Monday, October 15

Second Take: Adele’s ‘Hello’ inspires full range of videos, from covers to parodies


Adele's "Hello" garnered about 1.1 million downloads in the first week and inspired many covers and parodies. (Courtesy of YouTube)

Adele's "Hello" garnered about 1.1 million downloads in the first week and inspired many covers and parodies. (Courtesy of YouTube)


Adele had the world at “hello.”

After a four-year hiatus, Adele made a comeback by dropping “Hello,” the first single off her upcoming album “25,” bringing back the frenzied craze for the R&B singer.

At No.1 on Billboard’s Hot 100 and with 1.1 million downloads within the first week, the song has inspired videos ranging from dog-centric Vines to more traditional covers. The Daily Bruin’s Salus Kim and Ruhee Patel evaluate seven videos to tell you which ones will fuel your “Hello” obsession and which ones you should say goodbye to.

Adele’s first public performance of the song will air on BBC One on Nov. 20. Viewers can then decide if any parody or cover will really compare. (Hint: They won’t.)

DNCE


Joe Jonas is in a band and no, it’s not the JoBros. It’s DNCE, a new pop band that experiments with a punk grunge sound in its Halloween-themed cover of “Hello.” While interpreted as a serious cover, it just might be a joke. Dressed ridiculously as circus clowns with painted frowns, the band members perform their rendition of the sorrowful, dramatic ballad lazily. The Jonas brother whines his way through the lyrics, seeming off rhythm and pitch. Even though this can be attributed to the style they chose for the cover, it does not do the original justice. If you’re looking for a good laugh, pay no attention to the actual music and instead, look to the makeshift keyboard stand, which is actually a shopping cart. It’s so bad, it just might be good.

Conor Maynard


British pop and R&B singer Conor Maynard released a YouTube cover Oct. 27 featuring rapper Anth. Their cover attempts to put a new spin on the hit by including an original rap verse. However, the rap unnecessarily elongates the song and overdominates Maynard’s lighter notes. Maynard’s vocals are clean but low-risk and borderline boring. The explicit rap is jarring and disrupts the original melodic flow as well as the story Adele tries to tell.

Leroy Sanchez


Contrary to DNCE and Maynard’s covers of the song, Spanish-born singer Leroy Sanchez’s take does not stray far from the original elements of the song. With more than 6 million views on YouTube, Sanchez charms listeners with perfectly executed riffs and raw emotion. After debate sprung up on whether he mildly used auto-tune to polish his vocals, Sanchez posted a shortened acoustic version on Facebook. With more than 1 million views, this cover shows Sanchez’s ability to powerfully perform live equally as well as in a professional studio.

Seoul Music High School Student


A Seoul Music High School student took another more traditional approach to the song, demonstrating how Adele’s music reaches audiences across the globe. The video, which includes both English and Korean lyrics on screen, received 3 million views in just two days. The Korean student sings gently in the first half, but by the chorus, belts out strong notes with a classmate’s soothing piano accompaniment. As one of the only currently popular female covers of the song, she may have one of the better tributes because of her similar vocal capacity to Adele and the cover’s overall simplicity.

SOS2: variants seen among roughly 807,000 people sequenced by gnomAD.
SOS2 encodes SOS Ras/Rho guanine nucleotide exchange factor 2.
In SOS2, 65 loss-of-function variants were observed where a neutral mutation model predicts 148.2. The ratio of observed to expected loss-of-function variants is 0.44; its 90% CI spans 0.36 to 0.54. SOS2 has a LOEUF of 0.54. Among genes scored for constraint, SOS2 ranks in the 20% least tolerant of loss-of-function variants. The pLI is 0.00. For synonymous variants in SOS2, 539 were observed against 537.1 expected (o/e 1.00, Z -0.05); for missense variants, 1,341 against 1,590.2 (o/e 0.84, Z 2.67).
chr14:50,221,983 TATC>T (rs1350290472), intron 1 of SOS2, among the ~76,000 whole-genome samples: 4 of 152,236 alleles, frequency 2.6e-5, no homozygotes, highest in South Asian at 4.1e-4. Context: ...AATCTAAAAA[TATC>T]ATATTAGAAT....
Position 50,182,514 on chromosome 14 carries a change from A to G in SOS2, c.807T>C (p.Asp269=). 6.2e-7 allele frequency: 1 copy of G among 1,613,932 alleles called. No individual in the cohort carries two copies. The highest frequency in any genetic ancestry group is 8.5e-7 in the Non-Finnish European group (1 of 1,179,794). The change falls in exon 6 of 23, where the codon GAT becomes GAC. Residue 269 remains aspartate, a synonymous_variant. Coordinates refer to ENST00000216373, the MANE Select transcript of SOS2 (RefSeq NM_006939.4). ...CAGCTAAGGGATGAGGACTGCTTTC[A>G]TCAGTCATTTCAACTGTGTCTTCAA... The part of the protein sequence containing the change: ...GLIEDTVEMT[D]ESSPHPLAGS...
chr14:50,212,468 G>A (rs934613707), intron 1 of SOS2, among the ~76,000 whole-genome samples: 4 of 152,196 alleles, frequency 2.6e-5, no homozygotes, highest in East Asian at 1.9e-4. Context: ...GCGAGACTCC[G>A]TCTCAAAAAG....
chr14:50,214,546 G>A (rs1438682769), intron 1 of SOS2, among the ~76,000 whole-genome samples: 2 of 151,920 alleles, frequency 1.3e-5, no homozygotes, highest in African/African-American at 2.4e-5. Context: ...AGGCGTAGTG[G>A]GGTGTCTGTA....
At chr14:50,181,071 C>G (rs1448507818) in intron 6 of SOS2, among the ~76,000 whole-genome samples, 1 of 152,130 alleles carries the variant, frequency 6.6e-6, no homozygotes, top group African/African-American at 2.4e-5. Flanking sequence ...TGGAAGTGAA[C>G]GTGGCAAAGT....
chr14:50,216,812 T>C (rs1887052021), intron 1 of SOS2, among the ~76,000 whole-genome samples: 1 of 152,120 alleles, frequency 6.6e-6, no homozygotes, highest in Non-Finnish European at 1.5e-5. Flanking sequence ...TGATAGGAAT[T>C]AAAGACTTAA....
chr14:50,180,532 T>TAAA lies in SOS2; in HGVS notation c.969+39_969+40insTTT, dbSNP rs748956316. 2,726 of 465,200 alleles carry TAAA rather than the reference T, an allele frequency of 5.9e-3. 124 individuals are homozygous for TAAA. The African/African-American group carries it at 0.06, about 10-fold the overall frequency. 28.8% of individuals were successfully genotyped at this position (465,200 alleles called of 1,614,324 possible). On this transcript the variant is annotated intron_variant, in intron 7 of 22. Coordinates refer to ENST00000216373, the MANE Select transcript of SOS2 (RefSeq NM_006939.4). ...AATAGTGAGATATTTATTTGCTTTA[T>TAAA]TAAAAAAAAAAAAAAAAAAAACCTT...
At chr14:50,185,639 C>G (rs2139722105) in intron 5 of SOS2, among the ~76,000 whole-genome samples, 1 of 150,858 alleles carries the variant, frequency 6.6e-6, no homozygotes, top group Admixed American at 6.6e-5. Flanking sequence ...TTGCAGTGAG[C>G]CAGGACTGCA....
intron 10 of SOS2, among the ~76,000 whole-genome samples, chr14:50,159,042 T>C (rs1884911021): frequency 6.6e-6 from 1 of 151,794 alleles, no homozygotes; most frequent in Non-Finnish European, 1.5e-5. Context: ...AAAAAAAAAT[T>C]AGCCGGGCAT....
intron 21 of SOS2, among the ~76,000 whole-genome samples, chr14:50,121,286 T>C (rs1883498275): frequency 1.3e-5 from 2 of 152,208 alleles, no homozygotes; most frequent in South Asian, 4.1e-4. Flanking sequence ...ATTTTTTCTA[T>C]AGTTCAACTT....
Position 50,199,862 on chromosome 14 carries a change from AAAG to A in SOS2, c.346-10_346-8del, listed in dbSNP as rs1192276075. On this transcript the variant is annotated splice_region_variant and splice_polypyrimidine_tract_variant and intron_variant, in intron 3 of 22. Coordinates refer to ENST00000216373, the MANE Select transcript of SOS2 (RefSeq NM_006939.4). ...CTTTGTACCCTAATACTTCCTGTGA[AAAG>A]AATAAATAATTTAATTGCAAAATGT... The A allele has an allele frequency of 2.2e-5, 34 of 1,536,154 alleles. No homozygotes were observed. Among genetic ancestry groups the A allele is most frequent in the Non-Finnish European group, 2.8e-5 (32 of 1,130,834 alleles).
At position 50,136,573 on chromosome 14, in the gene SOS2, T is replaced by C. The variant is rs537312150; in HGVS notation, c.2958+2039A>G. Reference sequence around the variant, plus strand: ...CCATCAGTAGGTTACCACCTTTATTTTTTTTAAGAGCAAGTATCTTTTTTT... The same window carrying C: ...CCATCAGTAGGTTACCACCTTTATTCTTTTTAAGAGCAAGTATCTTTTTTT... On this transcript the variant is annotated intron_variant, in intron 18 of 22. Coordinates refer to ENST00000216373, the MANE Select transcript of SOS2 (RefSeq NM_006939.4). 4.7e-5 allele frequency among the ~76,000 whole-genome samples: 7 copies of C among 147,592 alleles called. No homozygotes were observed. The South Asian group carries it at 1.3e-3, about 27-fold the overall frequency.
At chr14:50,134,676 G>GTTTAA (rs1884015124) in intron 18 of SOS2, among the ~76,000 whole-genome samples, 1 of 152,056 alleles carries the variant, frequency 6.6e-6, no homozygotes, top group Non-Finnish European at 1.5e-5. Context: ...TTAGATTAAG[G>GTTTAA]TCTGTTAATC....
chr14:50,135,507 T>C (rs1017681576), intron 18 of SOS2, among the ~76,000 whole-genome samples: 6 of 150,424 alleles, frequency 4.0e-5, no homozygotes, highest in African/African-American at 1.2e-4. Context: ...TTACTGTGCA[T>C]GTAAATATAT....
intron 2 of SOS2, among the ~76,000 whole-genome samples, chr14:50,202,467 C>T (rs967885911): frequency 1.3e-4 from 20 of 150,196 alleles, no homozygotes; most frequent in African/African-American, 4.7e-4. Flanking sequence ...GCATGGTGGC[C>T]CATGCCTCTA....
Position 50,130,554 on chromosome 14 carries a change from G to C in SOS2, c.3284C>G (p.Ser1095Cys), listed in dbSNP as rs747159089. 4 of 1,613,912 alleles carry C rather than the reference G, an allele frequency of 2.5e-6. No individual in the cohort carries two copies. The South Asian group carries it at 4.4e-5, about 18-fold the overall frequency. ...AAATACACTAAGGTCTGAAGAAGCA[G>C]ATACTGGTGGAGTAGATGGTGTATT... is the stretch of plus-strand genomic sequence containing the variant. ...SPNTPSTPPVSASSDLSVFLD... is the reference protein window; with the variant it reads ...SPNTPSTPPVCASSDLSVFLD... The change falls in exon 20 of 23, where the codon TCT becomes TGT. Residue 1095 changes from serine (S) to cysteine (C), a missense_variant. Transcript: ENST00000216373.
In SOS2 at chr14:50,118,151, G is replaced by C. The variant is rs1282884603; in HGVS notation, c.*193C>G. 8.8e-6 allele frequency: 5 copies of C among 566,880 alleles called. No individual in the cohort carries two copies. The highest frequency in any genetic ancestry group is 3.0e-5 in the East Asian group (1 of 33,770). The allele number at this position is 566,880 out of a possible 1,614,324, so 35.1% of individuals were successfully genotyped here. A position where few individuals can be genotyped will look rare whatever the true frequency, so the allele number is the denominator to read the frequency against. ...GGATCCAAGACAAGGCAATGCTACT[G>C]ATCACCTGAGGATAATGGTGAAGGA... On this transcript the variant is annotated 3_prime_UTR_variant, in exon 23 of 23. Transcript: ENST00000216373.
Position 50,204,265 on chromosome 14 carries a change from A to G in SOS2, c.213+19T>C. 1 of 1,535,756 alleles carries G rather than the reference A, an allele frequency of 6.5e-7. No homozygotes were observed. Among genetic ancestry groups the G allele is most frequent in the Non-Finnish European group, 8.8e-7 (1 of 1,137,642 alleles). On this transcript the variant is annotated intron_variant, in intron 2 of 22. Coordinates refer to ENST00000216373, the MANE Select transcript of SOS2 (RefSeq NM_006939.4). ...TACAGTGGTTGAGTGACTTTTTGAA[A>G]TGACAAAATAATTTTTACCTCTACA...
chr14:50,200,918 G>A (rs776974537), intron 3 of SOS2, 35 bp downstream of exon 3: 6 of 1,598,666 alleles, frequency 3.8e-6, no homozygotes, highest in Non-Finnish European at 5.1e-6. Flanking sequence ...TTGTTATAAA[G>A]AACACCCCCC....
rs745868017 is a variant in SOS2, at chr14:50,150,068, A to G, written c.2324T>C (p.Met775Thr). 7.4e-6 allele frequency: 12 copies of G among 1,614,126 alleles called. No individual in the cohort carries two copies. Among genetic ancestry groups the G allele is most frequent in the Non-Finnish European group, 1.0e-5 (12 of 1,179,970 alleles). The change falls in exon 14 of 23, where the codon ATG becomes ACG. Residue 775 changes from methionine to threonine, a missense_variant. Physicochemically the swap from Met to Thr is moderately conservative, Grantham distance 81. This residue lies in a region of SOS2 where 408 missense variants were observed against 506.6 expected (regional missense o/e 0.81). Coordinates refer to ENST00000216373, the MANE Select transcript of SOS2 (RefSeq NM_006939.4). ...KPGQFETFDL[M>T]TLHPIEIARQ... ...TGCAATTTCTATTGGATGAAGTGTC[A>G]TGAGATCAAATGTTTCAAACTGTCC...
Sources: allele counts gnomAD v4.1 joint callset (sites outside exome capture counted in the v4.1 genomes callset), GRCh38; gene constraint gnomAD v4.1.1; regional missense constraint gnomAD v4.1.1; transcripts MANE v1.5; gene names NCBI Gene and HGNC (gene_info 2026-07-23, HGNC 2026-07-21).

Pug
https://vine.co/v/eYA53dpMLzv
Captioned “When someone taps you on the shoulder,” this Vine shows a dog turning towards the camera as the melodramatic intro to “Hello” plays in the background. With more than 26 million loops, the little pug pierces hearts with literal puppy dog eyes in just a few seconds. Clearly, the pug is not in the loop, as he slowly and almost confusedly glances towards the camera. Although the video only includes the first word of Adele’s song, it captures the intended heartrending emotion, while simultaneously evoking laughter. It’s like the pug really understands what Adele is singing.

Lionel Richie

Mashing “Hello” with Lionel Richie’s 1984 classic love ballad of the same name, the amusing video has gathered 5.2 million views in a matter of two weeks. The video depicts Richie responding to Adele’s call and as Richie sings “Hello? Is it me you’re looking for?” Adele snaps her flip phone shut and sassily hangs up. The video concludes with Richie dejectedly staring down as he listens to the dial tone. Richie good-humoredly acknowledged this clip on his Instagram account captioned with telephone and gasping emojis.

Ellen DeGeneres

Ellen DeGeneres offers a spoof of Adele’s hit that features Drake’s “Hotline Bling” and Lionel Richie’s “Hello,” and provides even more hype for the singer’s comeback. In the segment, DeGeneres pokes fun at the usage of a flip phone in the music video by talking on a bulky, block-like mobile phone from the 1980s. Throughout the video, she complains about bad connections, munches on chips and tells Adele to get to the point. In the end, the comedian splits the screen between Adele and Drake who sings, “You used to call me on my cellphone” until she is left with Richie, whom she ultimately hangs up on. Hopefully, Adele will not leave fans hanging too.

– Salus Kim and Ruhee Patel

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